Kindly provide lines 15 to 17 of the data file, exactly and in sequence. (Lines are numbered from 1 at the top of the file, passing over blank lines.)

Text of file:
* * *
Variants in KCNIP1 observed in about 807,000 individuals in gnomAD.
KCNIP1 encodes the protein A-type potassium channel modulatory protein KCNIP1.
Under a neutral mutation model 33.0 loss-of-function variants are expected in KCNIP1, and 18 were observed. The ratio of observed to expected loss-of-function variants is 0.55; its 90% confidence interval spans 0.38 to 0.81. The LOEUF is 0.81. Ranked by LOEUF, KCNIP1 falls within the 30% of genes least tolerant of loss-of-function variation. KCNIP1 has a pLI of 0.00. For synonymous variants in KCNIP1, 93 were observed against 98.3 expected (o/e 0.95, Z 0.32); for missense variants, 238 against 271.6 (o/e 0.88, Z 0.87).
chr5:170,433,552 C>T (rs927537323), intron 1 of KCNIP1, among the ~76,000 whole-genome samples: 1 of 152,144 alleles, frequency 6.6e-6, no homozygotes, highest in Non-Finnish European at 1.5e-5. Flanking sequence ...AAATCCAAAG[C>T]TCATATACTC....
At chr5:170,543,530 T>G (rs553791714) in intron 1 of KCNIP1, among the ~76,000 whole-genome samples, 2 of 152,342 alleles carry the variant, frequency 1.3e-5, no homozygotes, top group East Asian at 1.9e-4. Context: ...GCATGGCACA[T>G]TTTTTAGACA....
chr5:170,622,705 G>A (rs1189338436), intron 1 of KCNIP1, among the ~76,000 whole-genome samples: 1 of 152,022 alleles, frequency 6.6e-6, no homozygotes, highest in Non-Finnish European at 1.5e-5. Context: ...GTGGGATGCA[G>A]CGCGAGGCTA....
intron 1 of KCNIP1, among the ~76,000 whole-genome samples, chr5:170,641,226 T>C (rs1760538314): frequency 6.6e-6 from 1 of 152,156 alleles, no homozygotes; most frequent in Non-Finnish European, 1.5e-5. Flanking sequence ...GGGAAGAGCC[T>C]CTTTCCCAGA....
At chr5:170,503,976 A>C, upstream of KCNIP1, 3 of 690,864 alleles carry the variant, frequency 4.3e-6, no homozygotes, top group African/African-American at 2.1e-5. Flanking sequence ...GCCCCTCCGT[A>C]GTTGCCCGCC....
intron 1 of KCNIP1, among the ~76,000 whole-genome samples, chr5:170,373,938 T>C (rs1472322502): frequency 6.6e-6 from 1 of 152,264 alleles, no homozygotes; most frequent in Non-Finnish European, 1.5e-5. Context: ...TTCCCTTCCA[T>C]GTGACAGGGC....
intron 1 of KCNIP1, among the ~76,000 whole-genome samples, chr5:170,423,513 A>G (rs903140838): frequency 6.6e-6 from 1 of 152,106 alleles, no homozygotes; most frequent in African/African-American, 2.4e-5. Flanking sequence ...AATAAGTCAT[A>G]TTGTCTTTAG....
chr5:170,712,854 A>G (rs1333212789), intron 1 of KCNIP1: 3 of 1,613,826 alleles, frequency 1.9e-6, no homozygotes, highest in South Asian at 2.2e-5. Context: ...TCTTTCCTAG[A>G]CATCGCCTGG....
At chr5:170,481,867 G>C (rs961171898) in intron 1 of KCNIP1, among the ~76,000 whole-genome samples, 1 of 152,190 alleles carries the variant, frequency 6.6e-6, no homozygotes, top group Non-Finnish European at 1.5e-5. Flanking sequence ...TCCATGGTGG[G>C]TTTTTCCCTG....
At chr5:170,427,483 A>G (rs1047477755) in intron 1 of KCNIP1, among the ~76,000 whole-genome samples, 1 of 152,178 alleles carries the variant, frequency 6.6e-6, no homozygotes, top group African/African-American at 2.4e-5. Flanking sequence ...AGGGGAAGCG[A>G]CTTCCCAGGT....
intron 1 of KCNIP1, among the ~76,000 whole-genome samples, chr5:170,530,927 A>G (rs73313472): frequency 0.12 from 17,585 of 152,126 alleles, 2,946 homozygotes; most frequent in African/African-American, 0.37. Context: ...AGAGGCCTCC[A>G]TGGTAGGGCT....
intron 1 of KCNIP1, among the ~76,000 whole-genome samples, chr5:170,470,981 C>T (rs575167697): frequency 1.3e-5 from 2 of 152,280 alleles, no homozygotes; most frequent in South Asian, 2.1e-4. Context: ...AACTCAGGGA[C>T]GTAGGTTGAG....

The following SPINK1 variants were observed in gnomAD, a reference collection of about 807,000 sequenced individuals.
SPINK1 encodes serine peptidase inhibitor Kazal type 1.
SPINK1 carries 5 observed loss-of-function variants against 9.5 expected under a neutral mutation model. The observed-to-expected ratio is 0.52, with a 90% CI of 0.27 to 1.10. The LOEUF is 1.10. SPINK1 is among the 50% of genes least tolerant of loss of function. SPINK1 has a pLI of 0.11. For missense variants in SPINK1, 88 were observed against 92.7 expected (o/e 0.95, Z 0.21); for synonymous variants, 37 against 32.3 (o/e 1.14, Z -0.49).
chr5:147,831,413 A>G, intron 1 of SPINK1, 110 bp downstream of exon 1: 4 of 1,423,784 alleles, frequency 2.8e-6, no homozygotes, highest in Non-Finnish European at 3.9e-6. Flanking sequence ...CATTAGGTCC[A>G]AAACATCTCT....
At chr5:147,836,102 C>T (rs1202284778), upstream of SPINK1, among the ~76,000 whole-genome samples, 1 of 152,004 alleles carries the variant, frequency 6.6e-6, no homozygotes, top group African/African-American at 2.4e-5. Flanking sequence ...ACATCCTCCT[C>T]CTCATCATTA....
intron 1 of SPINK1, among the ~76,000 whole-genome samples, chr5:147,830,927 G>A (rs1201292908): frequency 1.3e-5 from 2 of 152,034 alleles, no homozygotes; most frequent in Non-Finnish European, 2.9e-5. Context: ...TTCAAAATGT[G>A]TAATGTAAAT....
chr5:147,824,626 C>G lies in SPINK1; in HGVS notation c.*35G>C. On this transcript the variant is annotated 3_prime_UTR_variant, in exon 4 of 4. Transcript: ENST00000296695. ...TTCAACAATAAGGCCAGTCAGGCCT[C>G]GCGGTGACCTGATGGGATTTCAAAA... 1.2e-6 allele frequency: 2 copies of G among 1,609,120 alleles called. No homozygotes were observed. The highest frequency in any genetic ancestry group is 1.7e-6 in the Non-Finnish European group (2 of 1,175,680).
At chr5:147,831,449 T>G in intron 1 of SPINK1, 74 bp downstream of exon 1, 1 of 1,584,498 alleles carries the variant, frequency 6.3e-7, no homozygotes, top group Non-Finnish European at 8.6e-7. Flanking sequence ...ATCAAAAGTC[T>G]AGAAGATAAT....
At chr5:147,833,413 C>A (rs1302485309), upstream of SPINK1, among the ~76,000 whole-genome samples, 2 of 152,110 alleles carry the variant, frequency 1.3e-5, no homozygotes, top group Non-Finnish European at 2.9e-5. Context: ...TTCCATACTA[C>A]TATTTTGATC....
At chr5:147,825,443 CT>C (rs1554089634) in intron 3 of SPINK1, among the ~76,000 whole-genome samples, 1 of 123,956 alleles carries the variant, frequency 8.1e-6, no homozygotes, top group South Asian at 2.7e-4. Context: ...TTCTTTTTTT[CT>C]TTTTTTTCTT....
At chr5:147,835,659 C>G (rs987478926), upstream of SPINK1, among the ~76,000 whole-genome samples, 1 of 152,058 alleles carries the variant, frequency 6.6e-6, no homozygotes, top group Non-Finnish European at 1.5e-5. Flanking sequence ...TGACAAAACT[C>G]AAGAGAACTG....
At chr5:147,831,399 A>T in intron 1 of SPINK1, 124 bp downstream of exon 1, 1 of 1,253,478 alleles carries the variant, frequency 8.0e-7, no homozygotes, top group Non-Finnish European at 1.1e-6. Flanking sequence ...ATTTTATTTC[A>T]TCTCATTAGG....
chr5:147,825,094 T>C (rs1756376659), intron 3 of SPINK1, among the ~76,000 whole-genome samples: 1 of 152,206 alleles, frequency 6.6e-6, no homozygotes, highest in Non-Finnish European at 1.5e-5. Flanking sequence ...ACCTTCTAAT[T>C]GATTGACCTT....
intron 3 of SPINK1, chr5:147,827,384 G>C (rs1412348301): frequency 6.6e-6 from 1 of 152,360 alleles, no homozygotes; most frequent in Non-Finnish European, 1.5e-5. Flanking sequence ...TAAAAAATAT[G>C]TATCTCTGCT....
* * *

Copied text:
intron 1 of KCNIP1, among the ~76,000 whole-genome samples, chr5:170,470,981 C>T (rs575167697): frequency 1.3e-5 from 2 of 152,280 alleles, no homozygotes; most frequent in South Asian, 2.1e-4. Context: ...AACTCAGGGA[C>T]GTAGGTTGAG....

The following SPINK1 variants were observed in gnomAD, a reference collection of about 807,000 sequenced individuals.
SPINK1 encodes serine peptidase inhibitor Kazal type 1.